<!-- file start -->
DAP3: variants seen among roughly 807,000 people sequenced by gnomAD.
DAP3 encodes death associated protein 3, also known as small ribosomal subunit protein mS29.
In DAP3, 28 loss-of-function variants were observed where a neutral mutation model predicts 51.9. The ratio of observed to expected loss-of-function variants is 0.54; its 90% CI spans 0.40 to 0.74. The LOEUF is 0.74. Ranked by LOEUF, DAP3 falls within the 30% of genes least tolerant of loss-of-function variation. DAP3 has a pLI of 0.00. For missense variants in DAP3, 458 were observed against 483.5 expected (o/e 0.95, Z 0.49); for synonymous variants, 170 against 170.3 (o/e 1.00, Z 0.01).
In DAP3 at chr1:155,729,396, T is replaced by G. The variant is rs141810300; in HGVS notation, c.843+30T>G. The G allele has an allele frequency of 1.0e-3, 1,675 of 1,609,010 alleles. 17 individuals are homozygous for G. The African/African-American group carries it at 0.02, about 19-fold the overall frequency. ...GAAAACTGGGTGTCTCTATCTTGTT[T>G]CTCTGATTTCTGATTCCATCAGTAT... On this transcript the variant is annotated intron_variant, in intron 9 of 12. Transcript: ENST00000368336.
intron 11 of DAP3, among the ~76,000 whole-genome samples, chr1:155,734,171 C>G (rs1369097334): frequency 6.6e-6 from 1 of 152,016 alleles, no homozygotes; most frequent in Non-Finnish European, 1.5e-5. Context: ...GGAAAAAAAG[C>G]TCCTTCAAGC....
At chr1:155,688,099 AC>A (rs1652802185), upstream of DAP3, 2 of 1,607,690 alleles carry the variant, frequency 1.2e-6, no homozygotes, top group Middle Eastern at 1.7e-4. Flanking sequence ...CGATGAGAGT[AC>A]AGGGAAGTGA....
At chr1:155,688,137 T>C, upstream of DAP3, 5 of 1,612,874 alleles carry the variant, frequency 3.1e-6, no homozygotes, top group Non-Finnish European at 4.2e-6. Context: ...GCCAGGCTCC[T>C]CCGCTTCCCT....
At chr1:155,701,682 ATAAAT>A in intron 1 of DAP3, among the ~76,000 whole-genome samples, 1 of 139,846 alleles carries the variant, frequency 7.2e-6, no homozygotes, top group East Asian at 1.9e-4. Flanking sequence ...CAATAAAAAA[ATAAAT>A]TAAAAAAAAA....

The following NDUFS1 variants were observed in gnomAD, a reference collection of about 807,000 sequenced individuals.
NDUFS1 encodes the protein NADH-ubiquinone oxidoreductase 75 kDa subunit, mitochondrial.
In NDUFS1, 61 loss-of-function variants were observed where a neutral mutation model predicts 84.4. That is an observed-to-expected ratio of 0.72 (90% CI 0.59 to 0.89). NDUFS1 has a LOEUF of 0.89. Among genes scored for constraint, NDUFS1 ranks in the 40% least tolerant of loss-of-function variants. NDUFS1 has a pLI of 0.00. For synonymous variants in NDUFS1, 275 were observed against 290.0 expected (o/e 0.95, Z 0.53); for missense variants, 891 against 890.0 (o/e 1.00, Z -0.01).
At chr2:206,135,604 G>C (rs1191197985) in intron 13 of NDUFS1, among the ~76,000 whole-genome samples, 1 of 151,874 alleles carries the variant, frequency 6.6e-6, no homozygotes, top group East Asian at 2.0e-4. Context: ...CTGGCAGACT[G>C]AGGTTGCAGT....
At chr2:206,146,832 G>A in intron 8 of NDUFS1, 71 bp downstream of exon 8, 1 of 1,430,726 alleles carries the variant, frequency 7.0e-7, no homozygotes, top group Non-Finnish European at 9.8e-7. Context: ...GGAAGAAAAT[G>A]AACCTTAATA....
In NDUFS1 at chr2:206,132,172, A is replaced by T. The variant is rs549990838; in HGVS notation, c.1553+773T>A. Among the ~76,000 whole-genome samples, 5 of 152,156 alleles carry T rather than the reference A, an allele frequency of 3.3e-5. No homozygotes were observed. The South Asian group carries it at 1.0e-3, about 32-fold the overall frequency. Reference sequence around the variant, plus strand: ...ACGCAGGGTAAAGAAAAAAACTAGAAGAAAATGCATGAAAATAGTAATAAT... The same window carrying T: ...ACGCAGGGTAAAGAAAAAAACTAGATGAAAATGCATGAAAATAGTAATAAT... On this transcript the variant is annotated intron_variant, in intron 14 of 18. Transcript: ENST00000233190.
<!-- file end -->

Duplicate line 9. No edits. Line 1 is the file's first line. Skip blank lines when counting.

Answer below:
The following NDUFS1 variants were observed in gnomAD, a reference collection of about 807,000 sequenced individuals.